“Orange Juice”Earl Sweatshirt and Tyler the Creator collaborate together on a traditional back and forth brag track. This one sounds classic, using a much more bass-heavy version of the instrumental “Lemonade” by Gucci Mane. This track is extremely catchy and mixed decently, definitely a great middle point for the release to keep the listener interested. You wouldn’t think rap could sound this good over a beat meant for Gucci Mane, but apparently these guys can pull it off. Tyler sounds really good without all of the effects that normally cramp up his voice, and Earl delivers some awesome, memorable lines.

“Cool”Mike G and Earl Sweatshirt share a collaboration over Ty Scott’s instrumental “Cool” in this track. This one starts out with Earl Sweatshirt sounding almost tipsy and very quietly delivering his verses with competence and diction. Mike G’s verses are good as well, and the mixing is much easier to comprehend everything that’s being said than on some tracks. The track is fairly short, not taking up a lot of space on the mixtape but it’s definitely a good one for what it’s worth.

“Oblivion” – This track samples “I promise I Lied” by James Pants, but honestly it doesn’t really fit here. It’s an alright beat, but there’s something about the delivery of Tyler’s lines or the mixing of his voice that sounds way too spacey and drowned out in reverberation. I’d enjoy this track a lot more over an entirely different beat, so I can actually decipher the lyrics without having to look them up online. At most points when Tyler the Creator raps with other members of Odd Future, they throw a large amount of reverb on his voice and it really bugs me sometimes. It makes his verses stick out like a sore thumb, there’s not a clean overlap of vocals when it switches from rapper to rapper because of all this reverb.

“Alright” – This song is a really somber sounding one for the attitude of the mixtape so far, if there’s even supposed to be a pattern. From what I’ve noticed, most of the tracks have been either brag-tracks or totally off-the-wall horrorcore-esque stuff. Hodgy Beats raps over the instrumental version of “Alright” by Memphis Bleek in this track, sounding very old school in tone and content. This sounds like classic hip hop, and if I could steer Odd Future in a certain direction it would be in the direction of tracks like this and “Orange Juice”.

“Leather Head” – This sounds like a bad remix made in FL Studio, with the entirely wrong beat for a supposedly Hip Hop mixtape. Some of it doesn’t even sound on tempo, with a lot of raw static and choppiness all over the place. The mixing is just not right, there’s barely a song here to review because it’s been strangled to death by the instrumental. Sampling can work right, and I can see why these guys decided to stray away from it in later releases because this time it didn’t work. Not my favorite track.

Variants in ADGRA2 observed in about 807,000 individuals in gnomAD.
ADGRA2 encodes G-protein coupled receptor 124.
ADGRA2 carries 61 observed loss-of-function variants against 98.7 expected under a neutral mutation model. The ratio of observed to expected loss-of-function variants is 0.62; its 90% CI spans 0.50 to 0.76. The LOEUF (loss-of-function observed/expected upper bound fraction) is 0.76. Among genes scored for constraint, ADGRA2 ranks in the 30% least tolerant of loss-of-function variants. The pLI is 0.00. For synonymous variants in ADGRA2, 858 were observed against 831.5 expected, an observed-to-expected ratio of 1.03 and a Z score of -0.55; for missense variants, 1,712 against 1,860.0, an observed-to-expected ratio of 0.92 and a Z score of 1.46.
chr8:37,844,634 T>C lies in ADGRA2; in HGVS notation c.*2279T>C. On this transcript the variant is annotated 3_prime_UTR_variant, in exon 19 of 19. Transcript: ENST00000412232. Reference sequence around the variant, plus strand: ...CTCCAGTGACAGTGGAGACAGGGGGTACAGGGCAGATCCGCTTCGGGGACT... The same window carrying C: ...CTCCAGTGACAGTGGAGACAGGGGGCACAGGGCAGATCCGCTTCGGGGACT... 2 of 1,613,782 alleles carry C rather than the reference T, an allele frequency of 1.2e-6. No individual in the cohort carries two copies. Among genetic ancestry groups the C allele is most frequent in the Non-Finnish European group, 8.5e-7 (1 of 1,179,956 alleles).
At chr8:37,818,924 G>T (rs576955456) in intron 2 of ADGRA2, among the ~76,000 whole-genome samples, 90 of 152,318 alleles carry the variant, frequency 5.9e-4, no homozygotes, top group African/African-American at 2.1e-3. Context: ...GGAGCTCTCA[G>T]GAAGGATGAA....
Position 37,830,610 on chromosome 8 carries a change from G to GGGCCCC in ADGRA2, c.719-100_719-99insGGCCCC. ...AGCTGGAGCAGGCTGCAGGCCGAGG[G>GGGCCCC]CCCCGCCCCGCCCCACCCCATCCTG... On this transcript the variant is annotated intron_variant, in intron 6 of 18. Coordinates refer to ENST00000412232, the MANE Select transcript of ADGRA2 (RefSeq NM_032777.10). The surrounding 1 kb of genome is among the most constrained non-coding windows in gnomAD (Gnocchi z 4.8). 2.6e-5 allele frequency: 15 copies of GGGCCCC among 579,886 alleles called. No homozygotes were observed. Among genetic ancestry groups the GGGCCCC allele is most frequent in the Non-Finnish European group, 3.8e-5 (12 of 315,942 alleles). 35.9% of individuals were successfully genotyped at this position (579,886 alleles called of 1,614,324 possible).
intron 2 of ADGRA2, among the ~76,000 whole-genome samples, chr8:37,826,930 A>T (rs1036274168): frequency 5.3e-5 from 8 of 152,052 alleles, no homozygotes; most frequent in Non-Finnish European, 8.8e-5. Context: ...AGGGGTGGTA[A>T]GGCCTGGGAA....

“Up”Tyler the Creator raps over the instrumental version of “Up” by Wiz Khalifa in this track, taking up the second longest spot on the mixtape with verses from Domo Genesis and Hodgy Beats as well. This song is very airy and kind of contradictory to a lot of their super angry stuff. Tyler the Creator goes on to say he doesn’t smoke weed, despite having said he ashes blunts in “Sandwitches”. This one drags on for quite a while, and it doesn’t really seem like their forte.

“Swag Me Out” – Whereas the rest of the mixtape seems like an attempt to be taken more seriously as individual rappers, this one features verses from Jasper, Left Brain, Tyler the Creator, Hodgy Beats, Earl Sweatshirt, Mike G and even Taco. The mixing is alright, very over-corrected at times with different effects and levels on everyone’s voices which is a little bit distracting. Tyler’s got a whole ton of reverb that no one else has, and every time anyone says a word the beat is drowned out like Howard Stern speaking over annoying callers. Everyone has pretty decent verses actually and the song sounds right using the instrumental of “Not A Stain On Me” by Big Tuck, but they could have done a little bit more mixing. It ends off with the chorus looping back to an annoying extent, and then the mixtape is officially over.

Thoughts on “Radical”

Being their second release as a group, Odd Future Wolf Gang Kill Them All didn’t really bring a lot of surprises to the table this time around. If you’ve heard almost anything they’ve released at any point in their career, it wouldn’t sound too far off from belonging on this mixtape. That’s not necessarily a bad thing, but I feel like they’re trying very hard to be strange and out there, when they would be so well-received as a classic-style hip hop collective like Wu Tang Clan or Jurassic Five. They’ve said in interviews that they want to be their own thing, saying verbatim “We’re not fucking Wu Tang“… Well you don’t want to be I.C.P. do you?

If these guys take the time to study the culture they’ve been suddenly injected into, they’ll realize they don’t have to cater only to fans to be successful. Just because someone told you at some point down the line that “this beat is dope, don’t change a thing” doesn’t mean you’re being untrue to your craft by fixing things that sound off. Seriously I’m dumfounded at some of the mixing on this release, definitely some of their best and worst. I enjoyed the thought-provoking stuff and clever wordplay here and there, but as it stands this feels incomplete and rushed to me. Not their best by any means, but still not entirely awful.

Categorized as: Music Reviews | Written Reviews